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Mideival Outline Essay

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Introduction

Shrewsbury 1 Austen Shrewsbury Mr. Larry Hayes World Civilizations Feb. 24, 2011 The Middle Ages The Early Middle Ages: The Dark Age of Tumult What is now considered as the "The Middle Ages" (medium aveum, in Latin) is the period in history between the fifth to fifteenth centuries, leading into the Renaissance. Characterized mainly by a continuation in trends begun by the early collapse of the Roman Empire, (i.e. depopulation, deurbanization, and increased barbarian invasion.) Beginning with the death of the Roman Emperor Theodosius in 395 and the subsequent fall of Rome, most of Europe fell into a state of depravity brought about by a foundroyant rise in military campaigns of rogue Tribes to claim territory. This period of chaos in Central Europe took on the name of "The Dark Ages". Initially, this era took on the term "dark" by later onlookers, notably the Italian scholar Petrarch, in reference to the literature of this time; this was due to the backward ways and practices that seemed to prevail during this time. Future historians used the term "dark" simply to denote the fact that little was known about this period; there was a paucity of written history. The Early Middle Ages (I will refer to this period by this term, rather than the misnomer Dark Ages, from this point on.) ...read more.

Middle

At the Council of Clermont, Pope Urban II called for the Crusade against the Muslims who had occupied the Holy Land and were attacking the Byzantine Empire and gave a cloth crosses to the knights to be sewn into their armor which gave the Crusades their name. This brings us to the next topic at hand, Knights and their code of Chivalry; which are one of the most famous developments of the middle ages. Medieval knights were mounted warriors who held land in return for military service. Originally, the title of a knight could have been earned exclusively through military achievements and some knights originated from the lower classes of medieval society. However, eventually the knights could became only male descendants of knighted men, while knightly families became regarded as noble. Despite that the title of a knight could not be inherited and every noble had to go through a long process before becoming a knight. The process of becoming a knight started in early childhood usually around age of 7 or 8 years when a boy was sent to his lord's household where he started his training to become a knight. The boy served as a page, kind of waiter and personal servant to his elders from about of 7 to 14 years of age. Page was also taught knightly virtues and conduct as well as battle techniques. ...read more.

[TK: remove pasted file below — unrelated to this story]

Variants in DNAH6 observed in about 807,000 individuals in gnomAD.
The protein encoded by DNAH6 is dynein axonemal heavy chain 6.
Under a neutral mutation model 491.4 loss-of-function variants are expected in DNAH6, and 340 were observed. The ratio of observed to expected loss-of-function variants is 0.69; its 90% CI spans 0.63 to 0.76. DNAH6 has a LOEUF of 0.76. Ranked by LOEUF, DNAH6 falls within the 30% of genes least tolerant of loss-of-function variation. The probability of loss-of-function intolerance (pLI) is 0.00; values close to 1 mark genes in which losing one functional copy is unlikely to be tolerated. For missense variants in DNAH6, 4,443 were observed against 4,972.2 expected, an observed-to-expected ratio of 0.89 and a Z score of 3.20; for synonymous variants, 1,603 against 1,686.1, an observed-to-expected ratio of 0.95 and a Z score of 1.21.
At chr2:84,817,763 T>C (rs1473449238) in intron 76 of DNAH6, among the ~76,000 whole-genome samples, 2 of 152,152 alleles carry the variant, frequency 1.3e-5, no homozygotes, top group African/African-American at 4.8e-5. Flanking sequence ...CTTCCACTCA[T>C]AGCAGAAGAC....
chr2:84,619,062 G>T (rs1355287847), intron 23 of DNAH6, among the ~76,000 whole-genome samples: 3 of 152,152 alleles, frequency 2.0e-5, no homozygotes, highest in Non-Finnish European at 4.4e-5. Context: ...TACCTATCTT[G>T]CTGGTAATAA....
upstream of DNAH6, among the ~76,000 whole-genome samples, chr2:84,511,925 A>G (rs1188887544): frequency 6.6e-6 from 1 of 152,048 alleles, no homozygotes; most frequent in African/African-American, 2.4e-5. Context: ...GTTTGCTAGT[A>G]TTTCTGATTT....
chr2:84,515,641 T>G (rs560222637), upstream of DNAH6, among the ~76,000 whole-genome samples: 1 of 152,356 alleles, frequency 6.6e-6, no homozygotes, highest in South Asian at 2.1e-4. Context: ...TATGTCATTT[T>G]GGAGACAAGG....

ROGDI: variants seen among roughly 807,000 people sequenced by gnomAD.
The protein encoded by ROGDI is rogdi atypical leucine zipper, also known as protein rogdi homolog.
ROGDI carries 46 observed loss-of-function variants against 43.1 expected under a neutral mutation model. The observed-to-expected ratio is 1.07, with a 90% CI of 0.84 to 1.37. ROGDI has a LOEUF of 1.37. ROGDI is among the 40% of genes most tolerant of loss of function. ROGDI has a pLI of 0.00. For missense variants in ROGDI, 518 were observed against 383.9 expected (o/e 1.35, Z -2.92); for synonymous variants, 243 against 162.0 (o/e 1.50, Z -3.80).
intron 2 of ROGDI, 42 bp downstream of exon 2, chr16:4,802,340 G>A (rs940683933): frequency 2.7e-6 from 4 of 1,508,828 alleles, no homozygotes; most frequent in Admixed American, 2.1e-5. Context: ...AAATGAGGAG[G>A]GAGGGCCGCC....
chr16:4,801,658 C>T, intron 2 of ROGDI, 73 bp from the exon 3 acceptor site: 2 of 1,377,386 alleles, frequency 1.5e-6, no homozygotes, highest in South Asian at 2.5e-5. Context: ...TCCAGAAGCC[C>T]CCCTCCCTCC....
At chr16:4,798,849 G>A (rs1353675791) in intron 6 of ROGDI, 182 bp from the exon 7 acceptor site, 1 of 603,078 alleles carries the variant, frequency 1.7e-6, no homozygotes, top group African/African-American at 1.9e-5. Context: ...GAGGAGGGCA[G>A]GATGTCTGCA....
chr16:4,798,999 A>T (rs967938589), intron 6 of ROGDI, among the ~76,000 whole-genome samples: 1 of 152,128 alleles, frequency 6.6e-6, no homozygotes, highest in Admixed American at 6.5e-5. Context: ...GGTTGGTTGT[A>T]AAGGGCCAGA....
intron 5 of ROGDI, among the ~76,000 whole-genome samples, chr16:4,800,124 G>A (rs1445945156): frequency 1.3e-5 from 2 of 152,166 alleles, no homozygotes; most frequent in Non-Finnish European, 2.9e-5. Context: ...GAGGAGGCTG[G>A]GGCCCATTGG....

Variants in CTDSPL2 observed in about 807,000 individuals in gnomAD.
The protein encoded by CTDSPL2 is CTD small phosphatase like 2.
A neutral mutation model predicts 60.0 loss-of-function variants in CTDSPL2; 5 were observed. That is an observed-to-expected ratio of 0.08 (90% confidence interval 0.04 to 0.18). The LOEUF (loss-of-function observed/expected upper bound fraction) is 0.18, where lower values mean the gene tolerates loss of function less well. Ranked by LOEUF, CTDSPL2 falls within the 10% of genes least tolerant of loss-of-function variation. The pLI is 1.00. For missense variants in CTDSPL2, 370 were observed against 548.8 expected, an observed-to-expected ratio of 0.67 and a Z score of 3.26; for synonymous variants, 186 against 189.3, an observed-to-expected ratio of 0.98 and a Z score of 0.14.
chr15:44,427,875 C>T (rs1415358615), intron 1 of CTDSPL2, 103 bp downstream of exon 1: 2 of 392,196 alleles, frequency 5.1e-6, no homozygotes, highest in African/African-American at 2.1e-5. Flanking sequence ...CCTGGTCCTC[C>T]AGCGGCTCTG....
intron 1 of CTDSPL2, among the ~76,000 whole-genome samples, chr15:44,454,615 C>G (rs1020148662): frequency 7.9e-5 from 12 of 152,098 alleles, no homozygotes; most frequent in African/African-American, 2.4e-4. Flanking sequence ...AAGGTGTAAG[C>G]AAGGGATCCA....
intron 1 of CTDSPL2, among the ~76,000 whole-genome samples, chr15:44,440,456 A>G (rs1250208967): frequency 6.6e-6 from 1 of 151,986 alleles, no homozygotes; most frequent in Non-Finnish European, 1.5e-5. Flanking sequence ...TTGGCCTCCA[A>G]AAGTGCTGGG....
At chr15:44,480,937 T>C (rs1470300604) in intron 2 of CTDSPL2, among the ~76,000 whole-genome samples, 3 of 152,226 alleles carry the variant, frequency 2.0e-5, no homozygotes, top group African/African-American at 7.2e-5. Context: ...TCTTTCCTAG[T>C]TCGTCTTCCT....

Conclusion

Besides struggles for supremacy with secular rulers the Church also put a lot of effort to prevent priestly marriages and simony (purchase of church offices). First major step towards introduction of celibacy of the clergy was made by Pope Gregory VII by publishing an encyclical which absolved the people from their obedience to bishops who allowed priestly marriages. However, the compulsory celibacy of the clergy and ban of priestly marriages was formally introduced with the First Lateran Council in 1123. That way the Roman Catholic Church avoided an eventual division of the land and heritable offices in case if married clergymen produced heirs. The Christian and church doctrine had an absolute "monopoly" over mentality of all classes of feudal society during the period of highly developed feudalism. Any theological or religious opinion which opposed to the official churchly doctrine was considered heretic and was persecuted, while religious believes dominated in all aspects of a life of a Christian. However, the Papacy slowly lost its power to the national monarchs by the 14th century which became obvious after the influence of many reformers, some even priests themselves. One such notable contrary individual is Martin Luther, a priest who posted his Ninety-Five Thesis on the walls of the castle-church in Wittenburg, Germany. This created separation in the thoughts of the people and the Roman Catholic Church, eventually leading to the Protestant Reformation; setting the stage for the Renaissance. ...read more.

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